CategoryDiversity & Inclusion
As Latinx Heritage Month comes to a close, we chatted with our creative and social media departments about local, national, and global Latinx creators, artists, and advertisers who inspire them.
Before we go further, let’s look back at the history of Latinx Heritage Month. In 1968, President Lyndon Johnson commissioned a weeklong celebration to honor the contributions of people of, what was then referred to as, Hispanic descent [read NPR Reporter, Vanessa Romo’s deep dive on the term “Hispanic”]. By 1988, the weeklong celebration was extended to a full month from September 15th through October 15th to coincide with the national independence days of several Latinx countries.
Now, let’s take a look:
Reyna is an Afro-Latino illustrator, visual artist, and educator who uses bright and bold illustration centering women, all while driving inclusion and forward-thinking.
A Brownstein favorite, Tom Vasquez is a Freelance Designer and Creative Director who we’ve worked with before. Tom specializes in branding and identity development, graphic and packaging design, and web and mobile development.
For our Creative Director, Meredith Schwinder, Tom inspires her because of “his beautiful style and sophistication he brings to everything he does.”
Local illustrator, graphic designer, and street artist, Marisa Velázquez-Rivas brings a message of belonging and inclusion to her work as she amplifies underrepresented communities with local organizations and national brands.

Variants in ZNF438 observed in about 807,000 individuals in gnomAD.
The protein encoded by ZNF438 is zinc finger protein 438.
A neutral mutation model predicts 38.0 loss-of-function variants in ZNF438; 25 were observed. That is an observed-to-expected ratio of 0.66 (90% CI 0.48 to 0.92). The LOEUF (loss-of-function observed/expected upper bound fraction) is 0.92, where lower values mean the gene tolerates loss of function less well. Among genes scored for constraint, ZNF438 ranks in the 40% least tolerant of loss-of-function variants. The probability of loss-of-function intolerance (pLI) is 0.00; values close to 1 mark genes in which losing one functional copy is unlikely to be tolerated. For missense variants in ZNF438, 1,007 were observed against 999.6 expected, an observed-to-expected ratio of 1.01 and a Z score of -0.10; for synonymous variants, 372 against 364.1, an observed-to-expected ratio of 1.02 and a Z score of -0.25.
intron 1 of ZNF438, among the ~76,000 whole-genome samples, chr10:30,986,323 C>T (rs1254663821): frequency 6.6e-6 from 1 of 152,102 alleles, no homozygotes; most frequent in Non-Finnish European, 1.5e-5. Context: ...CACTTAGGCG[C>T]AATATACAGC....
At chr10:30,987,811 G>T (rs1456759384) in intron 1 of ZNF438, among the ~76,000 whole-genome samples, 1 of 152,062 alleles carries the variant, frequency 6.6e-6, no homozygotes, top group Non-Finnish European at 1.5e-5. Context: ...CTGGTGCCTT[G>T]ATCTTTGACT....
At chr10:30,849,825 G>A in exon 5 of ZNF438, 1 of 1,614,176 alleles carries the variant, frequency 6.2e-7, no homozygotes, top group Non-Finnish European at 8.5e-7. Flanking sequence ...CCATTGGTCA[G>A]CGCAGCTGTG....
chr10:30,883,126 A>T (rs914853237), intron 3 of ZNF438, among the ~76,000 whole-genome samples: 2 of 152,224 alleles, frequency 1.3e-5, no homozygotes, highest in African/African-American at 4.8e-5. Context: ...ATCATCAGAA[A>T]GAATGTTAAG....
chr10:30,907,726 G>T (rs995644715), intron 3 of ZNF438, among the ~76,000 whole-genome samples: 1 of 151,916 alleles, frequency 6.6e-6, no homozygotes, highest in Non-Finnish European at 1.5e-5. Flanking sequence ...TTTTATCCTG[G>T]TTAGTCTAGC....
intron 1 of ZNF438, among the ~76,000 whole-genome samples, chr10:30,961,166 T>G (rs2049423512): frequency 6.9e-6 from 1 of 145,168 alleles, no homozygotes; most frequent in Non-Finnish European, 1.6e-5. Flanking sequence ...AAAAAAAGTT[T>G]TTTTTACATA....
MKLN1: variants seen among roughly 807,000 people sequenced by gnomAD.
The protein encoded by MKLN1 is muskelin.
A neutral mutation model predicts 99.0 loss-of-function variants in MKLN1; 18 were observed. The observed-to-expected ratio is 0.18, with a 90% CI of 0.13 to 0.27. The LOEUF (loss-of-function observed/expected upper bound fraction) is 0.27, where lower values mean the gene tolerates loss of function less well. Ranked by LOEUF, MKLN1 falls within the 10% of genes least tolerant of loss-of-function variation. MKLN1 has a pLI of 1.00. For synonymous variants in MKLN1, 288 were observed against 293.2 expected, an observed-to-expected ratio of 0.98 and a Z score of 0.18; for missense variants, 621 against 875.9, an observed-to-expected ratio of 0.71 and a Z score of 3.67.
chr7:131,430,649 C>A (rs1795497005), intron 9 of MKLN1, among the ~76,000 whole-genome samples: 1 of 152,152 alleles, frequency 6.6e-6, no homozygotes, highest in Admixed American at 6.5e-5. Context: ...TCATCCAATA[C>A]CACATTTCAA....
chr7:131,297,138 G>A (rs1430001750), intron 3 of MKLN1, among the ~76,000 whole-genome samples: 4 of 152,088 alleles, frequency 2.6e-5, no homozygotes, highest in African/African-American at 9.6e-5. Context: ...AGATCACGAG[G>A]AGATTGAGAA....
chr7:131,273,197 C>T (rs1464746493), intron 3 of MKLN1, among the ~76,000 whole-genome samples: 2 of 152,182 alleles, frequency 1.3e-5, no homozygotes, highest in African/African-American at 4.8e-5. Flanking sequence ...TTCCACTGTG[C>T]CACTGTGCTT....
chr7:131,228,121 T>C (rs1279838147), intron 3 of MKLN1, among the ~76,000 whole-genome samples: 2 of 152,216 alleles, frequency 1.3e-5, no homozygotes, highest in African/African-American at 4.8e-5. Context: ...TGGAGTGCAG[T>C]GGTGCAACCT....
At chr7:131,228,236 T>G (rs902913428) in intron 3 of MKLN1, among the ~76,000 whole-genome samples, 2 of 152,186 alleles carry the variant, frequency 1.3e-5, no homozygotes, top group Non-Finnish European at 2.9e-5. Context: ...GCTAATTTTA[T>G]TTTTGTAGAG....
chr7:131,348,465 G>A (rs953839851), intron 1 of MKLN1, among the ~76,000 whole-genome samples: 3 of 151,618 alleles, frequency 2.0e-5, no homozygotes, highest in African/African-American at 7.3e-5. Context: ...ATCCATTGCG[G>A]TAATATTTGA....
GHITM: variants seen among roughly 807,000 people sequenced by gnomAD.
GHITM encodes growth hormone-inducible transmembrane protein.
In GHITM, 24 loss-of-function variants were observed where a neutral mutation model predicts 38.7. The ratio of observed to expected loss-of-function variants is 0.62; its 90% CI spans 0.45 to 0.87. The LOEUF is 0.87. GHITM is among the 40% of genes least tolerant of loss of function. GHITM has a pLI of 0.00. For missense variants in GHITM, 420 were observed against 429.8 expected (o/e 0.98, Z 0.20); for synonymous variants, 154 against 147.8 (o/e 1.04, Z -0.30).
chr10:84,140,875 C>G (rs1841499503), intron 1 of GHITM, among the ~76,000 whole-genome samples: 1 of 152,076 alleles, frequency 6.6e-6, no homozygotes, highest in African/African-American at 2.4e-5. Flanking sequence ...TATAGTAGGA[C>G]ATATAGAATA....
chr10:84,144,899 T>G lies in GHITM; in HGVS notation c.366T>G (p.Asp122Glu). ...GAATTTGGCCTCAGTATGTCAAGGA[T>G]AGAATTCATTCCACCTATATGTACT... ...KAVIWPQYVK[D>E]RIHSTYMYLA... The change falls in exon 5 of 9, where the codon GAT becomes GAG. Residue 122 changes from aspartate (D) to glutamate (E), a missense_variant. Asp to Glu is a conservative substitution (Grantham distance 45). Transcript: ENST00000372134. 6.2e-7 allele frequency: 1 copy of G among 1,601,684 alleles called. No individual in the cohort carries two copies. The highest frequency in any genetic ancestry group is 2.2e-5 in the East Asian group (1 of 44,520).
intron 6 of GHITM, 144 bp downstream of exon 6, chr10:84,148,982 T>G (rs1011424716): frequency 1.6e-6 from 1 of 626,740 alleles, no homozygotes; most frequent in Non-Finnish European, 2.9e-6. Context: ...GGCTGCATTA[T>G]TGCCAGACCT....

You can find her work locally and globally—from #DrawtoAction, a coloring book featuring Philadelphia artists to benefit local organizations in underserved communities, to University City Arts League to Vice, HBO, and more.
From solo exhibitions in the Smithsonian in Washington, D.C. to local gallery and studio work, Michael Menchaca is an artist that focuses on printmaking as he explores the history of art and language in Mexican-American culture.
LGBTQ+ identified Chicanx collage artist and photographer, Marquez (or Broobs as the world knows them) pulls from their inspiration of nature to create rich imagery that is revolutionizing the Internet and bringing visibility to queer artists and activists. Check out their shop and support his work.
Camila Rosa is a Brazilian street artist and illustrator hailing from São Paulo, Brazil. Active for more than a decade, her global work spans across a variety of spectrums, including advertising, editorial, fashion design, graphic work, and both commercial and personal street art.
Creative Designer Matt Rondos gains inspiration from Camila’s work. “I really admire her use of color and the way she creates portraits with so much personality but with minimal shapes and elements. It is killer and the messaging in her work is also great.”